Elephant attire is put on the bodies of deities on the occasion of Jagannath Snana Jatra.
Elephant attire is put on the bodies of deities on the occasion of Jagannath Snana Jatra.
Tulsi is applied on the whole body before taking them to bath.
Tulsi is applied on the whole body before taking them to bath.

The Snana Yatra (Odia: ସ୍ନାନ ଯାତ୍ରା), also spelt Snana Jatra, is a bathing festival of deities celebrated on the purnima (full moon day) of the Hindu month of Jyeshtha.[1] It is the auspicious birthday of Jagannath.

It is an important festival for Hindus. This is the first occasion in the year as per the Hindu calendar, when the deities Jagannath, Balabhadra, Subhadra, Sudarshana, and Madanmohana are brought out from the Jagannath Temple (Puri) and taken in a procession to the Snana Bedi. There they are ceremonially bathed and decorated for a public audience with the devotees.[2]

Religious significance

It is a belief among devotees of Lord Jagannath that if they make a pilgrimage to see the deity on this day, they would be cleansed of all of their sins. Hundreds of thousands of devotees visit the temple on the occasion.[3] The Skanda Purana mentions that King Indradyumna arranged this ceremony for the first time when the idols of the deities were first installed.

Ceremonies conducted

On the eve of the Snana Yatra (which means the Divine Bathing festival, in Sanskrit), the idols of the deities are brought out in a grand procession from the garbhagriha (sanctum sanctorum) to the Snana Bedi (bathing platform). Devotees come to view the deities.

On the day of the Snana Yatra, the deities are bathed with 108 pots, of ritually purified water drawn from the northern well of the temple to the accompaniment of religious incantations.[4] In the evening, at the conclusion of the bathing ritual, Jagannath and Balabhadra are dressed up in elephant headgear representing the God Ganesh. This form of the God is called the 'Gajavesha'.

After the Snana Yatra the Gods are traditionally believed to fall ill and are kept in a sick room to recuperate in privacy under the care of the Raj Vaidya.[5] During this period known as Anasara the Gods cannot be seen by devotees. At this time three pata chitra paintings are displayed for devotees to view instead It is said that with the Ayurvedic medication ('pnachan') administered by the Raj Vaidya the Gods recover in a fortnight and resume giving an audience to their devotees.[6]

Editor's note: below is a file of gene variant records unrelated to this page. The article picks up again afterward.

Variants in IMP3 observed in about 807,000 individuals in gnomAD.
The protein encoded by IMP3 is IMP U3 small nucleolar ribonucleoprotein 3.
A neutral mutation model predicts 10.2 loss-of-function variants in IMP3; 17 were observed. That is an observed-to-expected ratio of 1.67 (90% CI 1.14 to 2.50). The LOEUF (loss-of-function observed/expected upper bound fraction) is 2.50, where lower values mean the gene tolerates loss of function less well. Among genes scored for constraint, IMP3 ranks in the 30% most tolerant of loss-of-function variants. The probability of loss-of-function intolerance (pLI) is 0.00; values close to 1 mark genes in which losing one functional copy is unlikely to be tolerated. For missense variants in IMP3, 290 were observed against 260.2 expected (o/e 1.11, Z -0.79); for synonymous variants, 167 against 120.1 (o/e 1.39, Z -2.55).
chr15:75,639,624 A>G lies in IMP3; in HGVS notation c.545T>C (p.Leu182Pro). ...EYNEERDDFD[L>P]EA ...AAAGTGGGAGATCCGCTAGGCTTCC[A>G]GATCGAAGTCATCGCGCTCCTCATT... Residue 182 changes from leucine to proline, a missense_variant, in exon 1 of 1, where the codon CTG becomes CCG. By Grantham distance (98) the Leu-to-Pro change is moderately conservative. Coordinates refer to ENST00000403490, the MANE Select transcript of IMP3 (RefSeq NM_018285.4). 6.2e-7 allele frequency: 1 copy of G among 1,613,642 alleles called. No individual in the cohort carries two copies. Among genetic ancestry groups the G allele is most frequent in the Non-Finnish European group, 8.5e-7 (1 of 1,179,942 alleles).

During the Anasara period devotees head to the Alarnatha Mandira in Bramhagiri in the belief that Jagannath manifests as Alarnatha during this period[7]


  1. ^ "Lavish bath before sickroom stay". telegraphindia.com. 2013. Retrieved 25 June 2013. The festival is observed on the full moon day of the Odia month of Jyestha
  2. ^ The official website of the Puri Jagannath temple [1].
  3. ^ "Lakhs witness deities' bathing ritual in Puri". Hindustan Times, Delhi  – via HighBeam Research (subscription required). 15 June 2011. Archived from the original on 8 March 2016. Retrieved 2 September 2012.
  4. ^ Mohanty, Rajkumar (2013). "Ceremonial bath over, lords retire to Anasar Ghar - The New Indian Express". newindianexpress.com. Retrieved 25 June 2013. they were bathed with 108 pitchers of aromatic and herbal water
  5. ^ Mohapatra, Debabrata (2011). "The skies rain down for divine bath". The Times of India. Archived from the original on 28 September 2013. Retrieved 25 June 2013. would undergo treatment by the shrine vaidyas (ayurveda doctors) for 15 days,
  6. ^ Details of the ceremony
  7. ^ "Rath Yatra: Snana Purnima Likely To Be Held With Minimum Servitors". ODTV. Retrieved May 21, 2020.